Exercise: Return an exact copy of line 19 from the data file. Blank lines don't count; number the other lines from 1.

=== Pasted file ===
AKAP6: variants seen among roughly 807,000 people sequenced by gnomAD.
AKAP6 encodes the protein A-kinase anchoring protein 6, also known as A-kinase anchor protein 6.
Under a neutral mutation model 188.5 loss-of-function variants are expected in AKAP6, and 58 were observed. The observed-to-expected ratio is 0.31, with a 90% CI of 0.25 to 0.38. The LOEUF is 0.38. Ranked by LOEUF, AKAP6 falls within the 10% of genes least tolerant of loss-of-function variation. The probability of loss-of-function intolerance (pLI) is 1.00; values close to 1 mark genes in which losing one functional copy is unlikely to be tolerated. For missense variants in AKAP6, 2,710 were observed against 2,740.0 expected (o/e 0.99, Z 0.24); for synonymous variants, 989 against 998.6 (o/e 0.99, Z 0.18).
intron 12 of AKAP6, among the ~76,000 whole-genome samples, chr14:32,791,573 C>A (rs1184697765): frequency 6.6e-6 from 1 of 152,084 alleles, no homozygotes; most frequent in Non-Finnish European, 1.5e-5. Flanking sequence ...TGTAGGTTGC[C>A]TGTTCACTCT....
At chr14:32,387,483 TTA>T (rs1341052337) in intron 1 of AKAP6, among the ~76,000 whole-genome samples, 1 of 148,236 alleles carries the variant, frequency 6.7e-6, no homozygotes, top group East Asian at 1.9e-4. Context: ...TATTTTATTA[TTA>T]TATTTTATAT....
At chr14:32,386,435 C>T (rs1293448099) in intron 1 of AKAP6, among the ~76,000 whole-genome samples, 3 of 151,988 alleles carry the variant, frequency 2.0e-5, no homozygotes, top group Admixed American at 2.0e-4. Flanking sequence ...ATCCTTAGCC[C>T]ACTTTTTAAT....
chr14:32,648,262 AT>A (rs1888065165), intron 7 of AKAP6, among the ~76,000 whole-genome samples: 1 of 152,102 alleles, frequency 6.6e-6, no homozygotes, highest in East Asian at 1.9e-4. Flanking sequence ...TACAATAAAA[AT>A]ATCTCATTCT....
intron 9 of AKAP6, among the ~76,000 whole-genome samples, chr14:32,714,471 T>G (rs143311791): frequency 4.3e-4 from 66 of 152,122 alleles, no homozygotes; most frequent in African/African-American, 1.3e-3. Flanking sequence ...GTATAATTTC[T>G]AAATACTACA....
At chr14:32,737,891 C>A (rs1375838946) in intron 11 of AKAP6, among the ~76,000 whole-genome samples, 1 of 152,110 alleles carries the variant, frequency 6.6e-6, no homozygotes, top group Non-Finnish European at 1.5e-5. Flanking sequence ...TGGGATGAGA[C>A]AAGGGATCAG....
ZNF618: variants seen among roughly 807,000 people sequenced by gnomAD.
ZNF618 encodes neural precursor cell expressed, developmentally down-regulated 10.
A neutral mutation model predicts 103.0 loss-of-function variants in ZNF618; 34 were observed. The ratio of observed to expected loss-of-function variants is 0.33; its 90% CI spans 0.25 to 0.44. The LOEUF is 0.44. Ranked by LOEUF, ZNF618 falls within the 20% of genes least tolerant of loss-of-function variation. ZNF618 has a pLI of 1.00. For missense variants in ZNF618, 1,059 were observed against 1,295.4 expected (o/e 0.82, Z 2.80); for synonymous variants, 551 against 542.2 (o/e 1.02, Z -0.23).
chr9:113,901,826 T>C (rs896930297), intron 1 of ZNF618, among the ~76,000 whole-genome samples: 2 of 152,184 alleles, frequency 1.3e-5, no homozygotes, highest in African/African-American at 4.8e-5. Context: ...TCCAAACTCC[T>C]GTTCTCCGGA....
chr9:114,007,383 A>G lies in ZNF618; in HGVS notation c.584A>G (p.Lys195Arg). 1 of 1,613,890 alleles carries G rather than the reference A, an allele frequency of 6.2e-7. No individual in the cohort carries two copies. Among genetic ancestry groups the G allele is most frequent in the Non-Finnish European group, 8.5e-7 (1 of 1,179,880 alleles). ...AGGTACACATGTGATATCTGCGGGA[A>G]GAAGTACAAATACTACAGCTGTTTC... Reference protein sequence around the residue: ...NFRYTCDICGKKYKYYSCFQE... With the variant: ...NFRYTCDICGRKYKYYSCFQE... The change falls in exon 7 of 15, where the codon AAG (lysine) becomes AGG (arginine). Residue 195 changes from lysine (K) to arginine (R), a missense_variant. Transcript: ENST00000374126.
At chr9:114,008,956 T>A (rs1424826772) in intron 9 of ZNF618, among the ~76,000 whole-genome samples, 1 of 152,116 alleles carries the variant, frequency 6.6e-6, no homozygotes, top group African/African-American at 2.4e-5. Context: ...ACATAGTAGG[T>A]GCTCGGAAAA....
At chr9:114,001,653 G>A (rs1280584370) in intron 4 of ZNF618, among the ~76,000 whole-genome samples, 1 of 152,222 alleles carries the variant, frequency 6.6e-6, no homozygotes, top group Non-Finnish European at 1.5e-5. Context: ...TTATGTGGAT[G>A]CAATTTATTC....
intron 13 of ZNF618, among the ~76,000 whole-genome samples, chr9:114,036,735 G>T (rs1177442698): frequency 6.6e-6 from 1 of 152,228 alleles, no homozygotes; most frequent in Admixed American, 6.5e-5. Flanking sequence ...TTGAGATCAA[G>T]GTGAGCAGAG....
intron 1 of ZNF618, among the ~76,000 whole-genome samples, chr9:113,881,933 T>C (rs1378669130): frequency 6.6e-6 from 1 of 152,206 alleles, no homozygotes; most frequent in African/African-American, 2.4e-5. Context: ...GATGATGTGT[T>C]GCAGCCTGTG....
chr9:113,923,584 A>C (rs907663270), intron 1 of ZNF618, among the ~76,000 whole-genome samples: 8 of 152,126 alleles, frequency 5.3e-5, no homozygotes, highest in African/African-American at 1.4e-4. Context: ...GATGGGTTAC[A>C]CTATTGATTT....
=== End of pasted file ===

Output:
chr9:113,923,584 A>C (rs907663270), intron 1 of ZNF618, among the ~76,000 whole-genome samples: 8 of 152,126 alleles, frequency 5.3e-5, no homozygotes, highest in African/African-American at 1.4e-4. Context: ...GATGGGTTAC[A>C]CTATTGATTT....